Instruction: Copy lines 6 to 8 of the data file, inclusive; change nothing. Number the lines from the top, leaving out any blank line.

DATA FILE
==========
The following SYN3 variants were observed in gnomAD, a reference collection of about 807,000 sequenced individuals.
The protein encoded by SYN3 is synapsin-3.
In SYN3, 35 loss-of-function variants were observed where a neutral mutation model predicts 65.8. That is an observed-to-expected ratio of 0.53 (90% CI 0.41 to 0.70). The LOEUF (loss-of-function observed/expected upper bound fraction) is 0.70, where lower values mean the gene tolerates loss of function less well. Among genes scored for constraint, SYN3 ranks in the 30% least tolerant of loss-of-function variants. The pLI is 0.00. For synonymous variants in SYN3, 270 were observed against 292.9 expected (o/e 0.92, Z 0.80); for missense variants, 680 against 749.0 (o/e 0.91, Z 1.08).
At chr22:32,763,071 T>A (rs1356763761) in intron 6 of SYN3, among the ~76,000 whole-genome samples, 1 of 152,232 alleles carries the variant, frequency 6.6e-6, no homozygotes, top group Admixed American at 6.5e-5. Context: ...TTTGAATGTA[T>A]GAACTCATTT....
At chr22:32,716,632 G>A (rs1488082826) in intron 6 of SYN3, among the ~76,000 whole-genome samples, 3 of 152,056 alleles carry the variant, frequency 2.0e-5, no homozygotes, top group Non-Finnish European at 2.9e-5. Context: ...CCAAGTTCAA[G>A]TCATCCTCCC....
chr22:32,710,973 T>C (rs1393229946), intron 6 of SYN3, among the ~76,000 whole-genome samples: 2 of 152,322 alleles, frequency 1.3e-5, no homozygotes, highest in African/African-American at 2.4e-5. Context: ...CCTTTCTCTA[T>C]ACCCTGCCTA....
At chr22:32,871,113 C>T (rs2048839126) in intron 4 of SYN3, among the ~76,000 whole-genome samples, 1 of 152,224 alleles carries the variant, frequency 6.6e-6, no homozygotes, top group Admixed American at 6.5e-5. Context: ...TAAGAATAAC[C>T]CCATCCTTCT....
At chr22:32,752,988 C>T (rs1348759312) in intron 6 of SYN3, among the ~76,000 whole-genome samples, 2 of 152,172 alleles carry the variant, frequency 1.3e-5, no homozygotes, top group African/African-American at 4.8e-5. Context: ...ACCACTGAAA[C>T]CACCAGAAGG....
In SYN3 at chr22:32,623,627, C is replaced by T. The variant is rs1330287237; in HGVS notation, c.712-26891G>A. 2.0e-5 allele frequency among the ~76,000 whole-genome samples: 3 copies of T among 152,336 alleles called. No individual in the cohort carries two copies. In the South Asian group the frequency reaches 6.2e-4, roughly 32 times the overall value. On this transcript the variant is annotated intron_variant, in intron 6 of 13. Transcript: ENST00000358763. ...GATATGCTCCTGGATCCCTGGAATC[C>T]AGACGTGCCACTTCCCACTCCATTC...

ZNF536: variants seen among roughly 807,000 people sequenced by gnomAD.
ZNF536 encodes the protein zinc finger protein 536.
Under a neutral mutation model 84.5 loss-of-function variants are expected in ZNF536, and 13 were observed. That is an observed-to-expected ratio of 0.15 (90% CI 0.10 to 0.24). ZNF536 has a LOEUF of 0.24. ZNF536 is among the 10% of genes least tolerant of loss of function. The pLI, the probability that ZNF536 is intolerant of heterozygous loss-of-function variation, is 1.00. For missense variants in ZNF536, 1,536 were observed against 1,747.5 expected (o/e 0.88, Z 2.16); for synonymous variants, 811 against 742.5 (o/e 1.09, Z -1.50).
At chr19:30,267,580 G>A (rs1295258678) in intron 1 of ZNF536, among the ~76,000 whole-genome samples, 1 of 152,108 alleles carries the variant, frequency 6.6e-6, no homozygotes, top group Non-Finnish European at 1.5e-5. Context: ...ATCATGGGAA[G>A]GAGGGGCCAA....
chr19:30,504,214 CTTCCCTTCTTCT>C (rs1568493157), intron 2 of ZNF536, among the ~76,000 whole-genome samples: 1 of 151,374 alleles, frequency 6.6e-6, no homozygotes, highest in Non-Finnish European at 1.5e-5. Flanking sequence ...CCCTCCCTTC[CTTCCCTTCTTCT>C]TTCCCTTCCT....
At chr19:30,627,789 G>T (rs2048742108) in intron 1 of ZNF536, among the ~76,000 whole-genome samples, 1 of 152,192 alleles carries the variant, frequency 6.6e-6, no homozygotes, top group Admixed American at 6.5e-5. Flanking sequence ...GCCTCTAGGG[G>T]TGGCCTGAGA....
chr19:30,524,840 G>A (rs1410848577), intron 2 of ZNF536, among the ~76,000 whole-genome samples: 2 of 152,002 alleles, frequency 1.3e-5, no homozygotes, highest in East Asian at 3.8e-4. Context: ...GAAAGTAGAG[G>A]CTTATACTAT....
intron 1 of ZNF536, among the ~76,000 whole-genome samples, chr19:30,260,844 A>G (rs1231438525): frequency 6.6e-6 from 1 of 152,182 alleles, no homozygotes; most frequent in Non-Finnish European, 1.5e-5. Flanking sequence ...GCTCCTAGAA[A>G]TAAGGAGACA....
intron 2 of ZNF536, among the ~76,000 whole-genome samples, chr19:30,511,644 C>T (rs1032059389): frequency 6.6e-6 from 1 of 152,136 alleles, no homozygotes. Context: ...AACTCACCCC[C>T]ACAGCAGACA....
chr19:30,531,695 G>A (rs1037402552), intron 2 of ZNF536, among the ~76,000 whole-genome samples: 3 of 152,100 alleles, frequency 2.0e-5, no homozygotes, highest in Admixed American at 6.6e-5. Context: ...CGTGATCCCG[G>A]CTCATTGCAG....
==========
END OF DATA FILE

chr22:32,710,973 T>C (rs1393229946), intron 6 of SYN3, among the ~76,000 whole-genome samples: 2 of 152,322 alleles, frequency 1.3e-5, no homozygotes, highest in African/African-American at 2.4e-5. Context: ...CCTTTCTCTA[T>C]ACCCTGCCTA....
At chr22:32,871,113 C>T (rs2048839126) in intron 4 of SYN3, among the ~76,000 whole-genome samples, 1 of 152,224 alleles carries the variant, frequency 6.6e-6, no homozygotes, top group Admixed American at 6.5e-5. Context: ...TAAGAATAAC[C>T]CCATCCTTCT....
At chr22:32,752,988 C>T (rs1348759312) in intron 6 of SYN3, among the ~76,000 whole-genome samples, 2 of 152,172 alleles carry the variant, frequency 1.3e-5, no homozygotes, top group African/African-American at 4.8e-5. Context: ...ACCACTGAAA[C>T]CACCAGAAGG....